By Rachel Kaplan
One material seems to stand at the heart of the recent revolution in green products – bamboo. Bamboo is booming, and is estimated to be worth upwards of $25 billion in 2012. There are a number of positive attributes of this grassy material (it is not wood as many believe) that have helped it gain momentum in the marketplace.
Not surprisingly, one root cause of the heightened popularity of bamboo can be attributed to an increase in knowledge and awareness of the material. The rise of brand awareness campaigns tooting the horn of bamboo’s eco benefits has opened the eyes of not only the early green-lifestyle adopters, but also the general population.
Bamboo has the ability to grow everywhere except Antarctica and survive in many different climate conditions, and it reduces carbon dioxide and increases the production of oxygen as much as 30% more than other plants such as hardwood forests. Bamboo is among the fastest growing and most adaptable materials on the planet. It can grow up to two inches per hour and matures in about five years, providing a constant and never-ending supply to the marketplace without endangerment to countless species (as long as native forests aren’t mowed down to make way for bamboo plantations, which isn’t common because bamboo can be grown on marginal and already worked-over lands). Compare that to hardwoods such as oak, which can grow about 12 inches per year and takes up to 120 years to mature.
Another possible cause for the dominating positive buzz for bamboo products is the fact that it is so versatile and can be used and made into almost anything, from flooring and paper to clothing and building materials. It’s soft and durable when woven, is extremely durable when made into clothes and boasts anti-bacterial and anti-fungal properties. Since it also has a tensile strength stronger than steel, bamboo is popular in building materials. Essentially, you can build your house, your office, your décor and your wardrobe entirely from bamboo.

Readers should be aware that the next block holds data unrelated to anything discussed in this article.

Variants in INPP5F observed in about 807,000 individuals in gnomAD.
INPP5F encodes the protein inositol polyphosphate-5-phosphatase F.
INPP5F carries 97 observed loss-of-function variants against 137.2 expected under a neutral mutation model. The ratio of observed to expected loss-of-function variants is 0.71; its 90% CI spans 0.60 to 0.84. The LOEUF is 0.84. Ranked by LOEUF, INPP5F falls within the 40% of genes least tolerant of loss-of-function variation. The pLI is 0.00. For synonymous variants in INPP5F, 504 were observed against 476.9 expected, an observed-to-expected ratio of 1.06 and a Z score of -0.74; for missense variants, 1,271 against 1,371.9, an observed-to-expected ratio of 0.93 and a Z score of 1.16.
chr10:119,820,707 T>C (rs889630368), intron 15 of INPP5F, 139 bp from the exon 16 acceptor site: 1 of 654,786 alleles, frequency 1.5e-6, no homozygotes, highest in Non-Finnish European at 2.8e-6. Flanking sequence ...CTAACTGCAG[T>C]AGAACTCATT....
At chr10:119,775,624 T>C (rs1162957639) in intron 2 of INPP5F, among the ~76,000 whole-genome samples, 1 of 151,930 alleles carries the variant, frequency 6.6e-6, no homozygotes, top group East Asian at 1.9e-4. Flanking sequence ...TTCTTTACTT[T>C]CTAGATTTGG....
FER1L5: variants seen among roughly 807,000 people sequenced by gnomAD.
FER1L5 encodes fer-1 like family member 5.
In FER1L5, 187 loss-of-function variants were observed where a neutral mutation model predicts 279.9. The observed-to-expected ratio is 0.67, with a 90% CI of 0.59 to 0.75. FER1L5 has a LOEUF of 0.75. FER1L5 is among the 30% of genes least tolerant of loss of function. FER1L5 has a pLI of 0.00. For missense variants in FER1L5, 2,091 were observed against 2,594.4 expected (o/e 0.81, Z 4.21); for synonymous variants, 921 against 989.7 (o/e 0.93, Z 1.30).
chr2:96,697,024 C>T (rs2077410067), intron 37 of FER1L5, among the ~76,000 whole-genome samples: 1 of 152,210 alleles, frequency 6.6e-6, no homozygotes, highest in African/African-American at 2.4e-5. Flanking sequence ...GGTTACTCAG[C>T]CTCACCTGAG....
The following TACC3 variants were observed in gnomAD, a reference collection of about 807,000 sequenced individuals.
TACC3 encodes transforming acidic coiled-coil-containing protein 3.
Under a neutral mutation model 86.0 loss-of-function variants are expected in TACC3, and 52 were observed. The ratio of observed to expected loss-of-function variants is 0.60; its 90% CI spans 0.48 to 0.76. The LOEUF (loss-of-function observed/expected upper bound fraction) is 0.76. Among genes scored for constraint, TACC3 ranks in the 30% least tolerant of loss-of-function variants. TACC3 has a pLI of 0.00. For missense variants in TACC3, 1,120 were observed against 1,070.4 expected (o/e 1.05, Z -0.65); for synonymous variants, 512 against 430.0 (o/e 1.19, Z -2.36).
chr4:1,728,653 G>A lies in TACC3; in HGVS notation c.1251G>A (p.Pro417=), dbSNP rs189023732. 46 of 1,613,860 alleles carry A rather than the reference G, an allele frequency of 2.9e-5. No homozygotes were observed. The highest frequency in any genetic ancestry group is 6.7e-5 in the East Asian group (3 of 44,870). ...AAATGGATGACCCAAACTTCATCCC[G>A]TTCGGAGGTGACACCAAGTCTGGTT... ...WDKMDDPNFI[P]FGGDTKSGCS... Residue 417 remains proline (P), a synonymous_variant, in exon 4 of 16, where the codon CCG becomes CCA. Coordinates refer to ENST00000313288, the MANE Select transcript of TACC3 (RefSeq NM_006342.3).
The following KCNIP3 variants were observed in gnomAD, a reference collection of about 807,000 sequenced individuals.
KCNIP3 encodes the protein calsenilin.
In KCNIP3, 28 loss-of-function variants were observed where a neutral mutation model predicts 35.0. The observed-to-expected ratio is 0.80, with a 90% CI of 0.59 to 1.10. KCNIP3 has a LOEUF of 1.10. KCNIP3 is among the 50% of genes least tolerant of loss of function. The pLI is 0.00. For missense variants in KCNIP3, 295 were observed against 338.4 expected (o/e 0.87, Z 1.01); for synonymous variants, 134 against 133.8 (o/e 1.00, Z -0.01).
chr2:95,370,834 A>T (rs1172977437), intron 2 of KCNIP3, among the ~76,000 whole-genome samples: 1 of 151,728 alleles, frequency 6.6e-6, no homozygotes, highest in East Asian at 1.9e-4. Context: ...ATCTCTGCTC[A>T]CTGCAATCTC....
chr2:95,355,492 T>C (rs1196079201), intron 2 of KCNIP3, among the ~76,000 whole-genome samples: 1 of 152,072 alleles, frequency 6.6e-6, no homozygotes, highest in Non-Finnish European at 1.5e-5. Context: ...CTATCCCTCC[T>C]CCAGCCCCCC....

The retail industry is slowly shifting to a more eco-friendly commerce model and production cycle. At the heart of this positive shift is the start of a boom in bamboo product manufacturing and public demand that will hopefully move the industry in the direction towards widespread availability and competitive models for this beautiful and impeccably green plant. If the myriad of quality wholesalers and retailers selling bamboo products today is any sign, then bamboo is definitely on its way to becoming top of the retail food-chain.
One challenge will be to make sure bamboo retains its green luster throughout its lifecycle. As the market expands, watchdogs will have to keep an eye out to make sure speculators aren’t converting fragile endangered forests into bamboo farms. So far, that threat pales in comparison to other rivals like palm oil and oil and gas development. It’s also true that bamboo can become an invasive species, so cultivation should be monitored to reduce impact on native vegetation in new areas.